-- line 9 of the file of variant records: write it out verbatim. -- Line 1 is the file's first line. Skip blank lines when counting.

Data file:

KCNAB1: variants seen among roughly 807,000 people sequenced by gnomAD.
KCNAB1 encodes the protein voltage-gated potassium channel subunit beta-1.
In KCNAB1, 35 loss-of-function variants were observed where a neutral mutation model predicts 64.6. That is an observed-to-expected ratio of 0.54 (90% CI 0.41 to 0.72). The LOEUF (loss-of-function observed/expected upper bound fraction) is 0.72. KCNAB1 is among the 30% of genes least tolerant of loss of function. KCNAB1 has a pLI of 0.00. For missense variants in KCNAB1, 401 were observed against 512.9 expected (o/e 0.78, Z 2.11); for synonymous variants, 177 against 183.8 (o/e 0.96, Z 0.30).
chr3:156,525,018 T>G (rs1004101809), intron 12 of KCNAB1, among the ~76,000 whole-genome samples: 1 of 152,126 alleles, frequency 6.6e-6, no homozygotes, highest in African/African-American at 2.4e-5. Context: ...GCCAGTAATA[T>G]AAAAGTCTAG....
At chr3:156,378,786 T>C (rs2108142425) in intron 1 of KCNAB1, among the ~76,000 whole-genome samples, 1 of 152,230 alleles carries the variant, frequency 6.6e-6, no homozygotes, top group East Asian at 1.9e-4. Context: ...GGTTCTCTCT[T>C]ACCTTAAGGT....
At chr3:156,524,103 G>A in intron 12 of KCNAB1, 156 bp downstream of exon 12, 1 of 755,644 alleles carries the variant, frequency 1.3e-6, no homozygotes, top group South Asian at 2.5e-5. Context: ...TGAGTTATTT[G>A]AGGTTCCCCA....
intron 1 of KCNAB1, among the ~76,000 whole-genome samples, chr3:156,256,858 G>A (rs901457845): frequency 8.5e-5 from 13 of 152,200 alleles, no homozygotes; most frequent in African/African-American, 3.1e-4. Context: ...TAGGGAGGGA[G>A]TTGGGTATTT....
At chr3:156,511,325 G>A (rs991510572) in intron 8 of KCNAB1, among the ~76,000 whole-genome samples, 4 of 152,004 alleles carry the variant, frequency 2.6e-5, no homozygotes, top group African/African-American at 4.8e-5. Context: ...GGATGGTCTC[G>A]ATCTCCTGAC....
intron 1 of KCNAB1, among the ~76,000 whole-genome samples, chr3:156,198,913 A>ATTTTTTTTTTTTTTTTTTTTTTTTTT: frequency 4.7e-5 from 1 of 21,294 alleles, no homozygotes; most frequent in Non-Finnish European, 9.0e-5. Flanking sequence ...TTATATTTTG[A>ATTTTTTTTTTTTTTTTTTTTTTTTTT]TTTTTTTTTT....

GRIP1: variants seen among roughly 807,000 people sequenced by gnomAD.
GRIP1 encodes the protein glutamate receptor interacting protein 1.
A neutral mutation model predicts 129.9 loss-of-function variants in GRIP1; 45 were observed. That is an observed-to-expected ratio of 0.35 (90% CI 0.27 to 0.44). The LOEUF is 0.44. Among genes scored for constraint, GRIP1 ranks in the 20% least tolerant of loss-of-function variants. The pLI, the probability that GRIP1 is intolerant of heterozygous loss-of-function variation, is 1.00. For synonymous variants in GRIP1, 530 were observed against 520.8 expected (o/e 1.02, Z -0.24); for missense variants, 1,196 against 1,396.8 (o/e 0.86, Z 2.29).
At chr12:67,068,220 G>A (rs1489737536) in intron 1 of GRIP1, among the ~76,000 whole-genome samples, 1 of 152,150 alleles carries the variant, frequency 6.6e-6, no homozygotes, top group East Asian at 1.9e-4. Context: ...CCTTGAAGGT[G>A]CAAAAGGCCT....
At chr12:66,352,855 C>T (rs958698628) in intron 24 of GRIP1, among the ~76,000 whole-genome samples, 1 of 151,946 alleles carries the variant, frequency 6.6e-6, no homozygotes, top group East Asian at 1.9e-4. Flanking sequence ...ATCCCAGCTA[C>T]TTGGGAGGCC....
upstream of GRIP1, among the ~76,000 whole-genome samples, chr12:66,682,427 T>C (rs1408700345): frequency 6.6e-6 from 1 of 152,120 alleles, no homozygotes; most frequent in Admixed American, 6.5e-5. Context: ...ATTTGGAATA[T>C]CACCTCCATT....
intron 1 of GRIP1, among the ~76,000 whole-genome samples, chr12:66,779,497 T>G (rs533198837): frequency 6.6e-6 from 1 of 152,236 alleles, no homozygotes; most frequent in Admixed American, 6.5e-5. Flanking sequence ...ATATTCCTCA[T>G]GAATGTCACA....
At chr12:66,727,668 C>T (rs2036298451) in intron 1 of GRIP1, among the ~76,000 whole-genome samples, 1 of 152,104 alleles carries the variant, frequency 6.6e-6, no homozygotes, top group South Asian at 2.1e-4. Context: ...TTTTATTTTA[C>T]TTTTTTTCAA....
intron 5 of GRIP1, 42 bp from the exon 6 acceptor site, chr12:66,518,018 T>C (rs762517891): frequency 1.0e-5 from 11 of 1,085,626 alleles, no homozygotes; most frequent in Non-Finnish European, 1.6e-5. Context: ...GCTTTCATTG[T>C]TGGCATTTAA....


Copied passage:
intron 1 of KCNAB1, among the ~76,000 whole-genome samples, chr3:156,198,913 A>ATTTTTTTTTTTTTTTTTTTTTTTTTT: frequency 4.7e-5 from 1 of 21,294 alleles, no homozygotes; most frequent in Non-Finnish European, 9.0e-5. Flanking sequence ...TTATATTTTG[A>ATTTTTTTTTTTTTTTTTTTTTTTTTT]TTTTTTTTTT....